The Ontario Feed-in Tariff For Alternative Energy

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Last month, I wrote about how Ontario, North America’s 6th largest jurisdiction by population, had tabled a Green Energy Act to boost the alternative energy industry’s growth in the province. In that post, I mentioned that officials would soon release the rules for a feed-in tariff (FIT) system. FITs, which pay fixed rates for renewable power, are all but absent in North America, although they are popular incentive in Europe. Germany’s FIT is largely responsible for that country’s dominance in solar PV today despite mediocre sun conditions. 

Ontario released the draft rules and proposed prices for its FIT a few hours ago. Proposed prices are as follows:

Fuel Type Size Tranches C$/kWh US$/kWh (x0.79)
Biomass* Any size 12.2 9.6
Biogas* ≤ 5 MW 14.7 11.6
> 5 MW 10.4 8.2
Waterpower* ≤ 50 MW 12.9 10.2
≤ 2 MW (community-based or aboriginal) 13.4 10.6
Landfill gas* ≤ 5 MW 11.1 8.8
> 5 MW 10.3 8.1
Solar PV ≤ 10 kW (rooftop) 80.2 63.4
10 – 100 kW (rooftop) 71.3 56.3
100 – 150 kW (rooftop) 63.5 50.2
> 500 kW (rooftop) 53.9 42.6
≤ 10 MW (ground mounted) 44.3 35.0
Wind Any size onshore 13.5 10.7
Any size offshore 19.0 15.0
Community-based or aboriginal (≤ 10 MW) 14.4 11.4
* 35% premium during weekday on-peak hours (11am to 7pm) and 10% discount during off-speak hours

The suggested pricing levels are relatively high and, as discussed in my original article on this topic, should benefit the clean energy independent power producers active in the province. Of special interest is the fact that Ontario is proposing to implement a tariff for offshore wind, and could thus be the first Great Lakes jurisdiction to see significant offshore installations go up (that is, if they get the tariff right!). The solar PV tariffs are based on the tiered German approach and should trigger significant installations if credit doesn’t prove to be a problem for households and businesses.      

To be continued…


  1. A lot of us in the solar space are really interested in the Ontario FIT. Is there any clarity on _when_ the final residential FIT rates will be approved and people can start putting solar on their roofs.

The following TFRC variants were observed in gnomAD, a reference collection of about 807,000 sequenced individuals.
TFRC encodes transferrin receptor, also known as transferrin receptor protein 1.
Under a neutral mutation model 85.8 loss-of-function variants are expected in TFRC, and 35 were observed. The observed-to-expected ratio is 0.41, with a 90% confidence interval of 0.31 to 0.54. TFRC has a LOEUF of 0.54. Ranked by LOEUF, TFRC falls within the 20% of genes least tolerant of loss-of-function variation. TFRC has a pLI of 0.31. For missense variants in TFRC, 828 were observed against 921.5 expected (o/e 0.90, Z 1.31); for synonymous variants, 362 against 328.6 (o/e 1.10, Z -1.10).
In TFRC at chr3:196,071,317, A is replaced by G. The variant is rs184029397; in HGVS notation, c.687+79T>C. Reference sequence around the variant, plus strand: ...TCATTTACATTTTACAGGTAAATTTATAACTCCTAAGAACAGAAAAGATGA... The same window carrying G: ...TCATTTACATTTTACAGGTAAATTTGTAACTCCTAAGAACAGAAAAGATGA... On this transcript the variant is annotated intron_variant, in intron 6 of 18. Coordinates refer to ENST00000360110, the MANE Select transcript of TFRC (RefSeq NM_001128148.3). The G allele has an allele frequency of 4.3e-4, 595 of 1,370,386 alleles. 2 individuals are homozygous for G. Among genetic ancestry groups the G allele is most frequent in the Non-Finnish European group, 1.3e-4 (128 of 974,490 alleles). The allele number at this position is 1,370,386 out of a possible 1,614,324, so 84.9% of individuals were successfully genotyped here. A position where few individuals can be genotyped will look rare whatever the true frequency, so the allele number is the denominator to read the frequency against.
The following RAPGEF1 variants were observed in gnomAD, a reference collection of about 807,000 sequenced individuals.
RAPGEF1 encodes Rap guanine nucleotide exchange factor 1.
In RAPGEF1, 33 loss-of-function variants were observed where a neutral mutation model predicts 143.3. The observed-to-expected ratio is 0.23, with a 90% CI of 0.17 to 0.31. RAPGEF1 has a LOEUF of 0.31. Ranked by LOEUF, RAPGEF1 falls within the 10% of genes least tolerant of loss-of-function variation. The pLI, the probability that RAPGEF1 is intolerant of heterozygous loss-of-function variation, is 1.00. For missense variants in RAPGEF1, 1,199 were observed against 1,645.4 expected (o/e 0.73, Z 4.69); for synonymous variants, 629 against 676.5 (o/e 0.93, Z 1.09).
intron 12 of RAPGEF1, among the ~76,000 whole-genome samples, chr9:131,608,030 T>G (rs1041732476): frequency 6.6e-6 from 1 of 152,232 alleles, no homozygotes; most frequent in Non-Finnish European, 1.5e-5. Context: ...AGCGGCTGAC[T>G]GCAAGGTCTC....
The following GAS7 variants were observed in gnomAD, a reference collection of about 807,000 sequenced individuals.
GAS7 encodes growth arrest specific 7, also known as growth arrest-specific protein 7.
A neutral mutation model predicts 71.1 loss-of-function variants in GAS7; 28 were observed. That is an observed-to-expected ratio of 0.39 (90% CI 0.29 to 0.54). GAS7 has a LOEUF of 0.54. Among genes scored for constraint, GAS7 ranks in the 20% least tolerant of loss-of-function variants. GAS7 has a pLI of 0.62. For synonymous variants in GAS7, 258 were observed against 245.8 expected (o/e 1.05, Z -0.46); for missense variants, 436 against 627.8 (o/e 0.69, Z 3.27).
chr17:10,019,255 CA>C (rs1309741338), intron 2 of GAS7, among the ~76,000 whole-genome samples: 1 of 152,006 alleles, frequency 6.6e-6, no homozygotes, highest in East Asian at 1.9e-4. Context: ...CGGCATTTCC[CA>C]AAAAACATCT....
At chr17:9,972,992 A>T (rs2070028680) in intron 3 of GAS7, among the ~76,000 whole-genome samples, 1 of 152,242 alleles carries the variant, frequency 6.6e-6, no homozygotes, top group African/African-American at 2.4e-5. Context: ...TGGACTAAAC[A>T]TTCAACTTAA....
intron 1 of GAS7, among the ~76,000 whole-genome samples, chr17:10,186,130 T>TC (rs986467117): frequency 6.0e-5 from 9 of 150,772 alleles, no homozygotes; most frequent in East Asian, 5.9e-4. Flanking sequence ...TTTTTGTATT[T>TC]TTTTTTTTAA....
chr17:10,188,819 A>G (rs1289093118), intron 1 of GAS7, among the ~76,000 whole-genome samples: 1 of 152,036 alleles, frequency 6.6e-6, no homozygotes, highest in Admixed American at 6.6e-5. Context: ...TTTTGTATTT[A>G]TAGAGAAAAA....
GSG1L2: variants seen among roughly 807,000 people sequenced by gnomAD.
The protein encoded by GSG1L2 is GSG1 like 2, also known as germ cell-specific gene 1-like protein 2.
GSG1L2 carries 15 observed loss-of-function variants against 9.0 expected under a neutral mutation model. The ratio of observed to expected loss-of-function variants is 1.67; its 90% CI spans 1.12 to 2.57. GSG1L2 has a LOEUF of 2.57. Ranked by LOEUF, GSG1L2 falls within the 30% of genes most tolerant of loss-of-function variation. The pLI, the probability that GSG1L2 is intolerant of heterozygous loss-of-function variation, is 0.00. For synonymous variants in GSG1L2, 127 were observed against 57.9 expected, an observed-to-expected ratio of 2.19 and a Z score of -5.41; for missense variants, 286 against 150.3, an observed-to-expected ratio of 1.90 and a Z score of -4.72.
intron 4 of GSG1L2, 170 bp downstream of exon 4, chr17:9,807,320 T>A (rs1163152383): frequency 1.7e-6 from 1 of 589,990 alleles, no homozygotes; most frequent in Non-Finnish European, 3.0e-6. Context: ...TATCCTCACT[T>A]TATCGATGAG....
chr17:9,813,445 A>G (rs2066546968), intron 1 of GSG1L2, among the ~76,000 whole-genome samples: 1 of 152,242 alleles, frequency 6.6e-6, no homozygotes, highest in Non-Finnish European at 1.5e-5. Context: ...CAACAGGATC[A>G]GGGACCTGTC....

2. This program is way too rich and is set up in exactly the wrong way. This is Spain II. To fix it, there should be a volume based reduction in the FIT for EVERY category.

  3. Jigar:
    You may remember that this isn’t Ontario’s first shot at an FIT. Last time around, it ended in disaster with the government effectively canceling the program with no prior warning because there were too many MW-size installations going up and they were worried about transmission bottlenecks.
    They had completely mis-planned the program and had no contingency procedures in case growth over- or under-shot their forecasts.
    Ontario policy-makers, when it comes to electricity, are mediocre at best. I would not be surprised to see this program canned or substantially scaled back within 18 to 24 months. Although some improvements have been made since the first attempt at this, a number of issues remain that could act as spokes in the wheel. However, in all fairness, the final rules haven’t yet been released.
    Ontario typically honors its contracts (PPAs under the FIT are issued by a proxy of the government), so I still think that some of the public Canadian IPPs with an active presence in the province will benefit from this by locking in attractive rates, not only in solar PV but also in wind.


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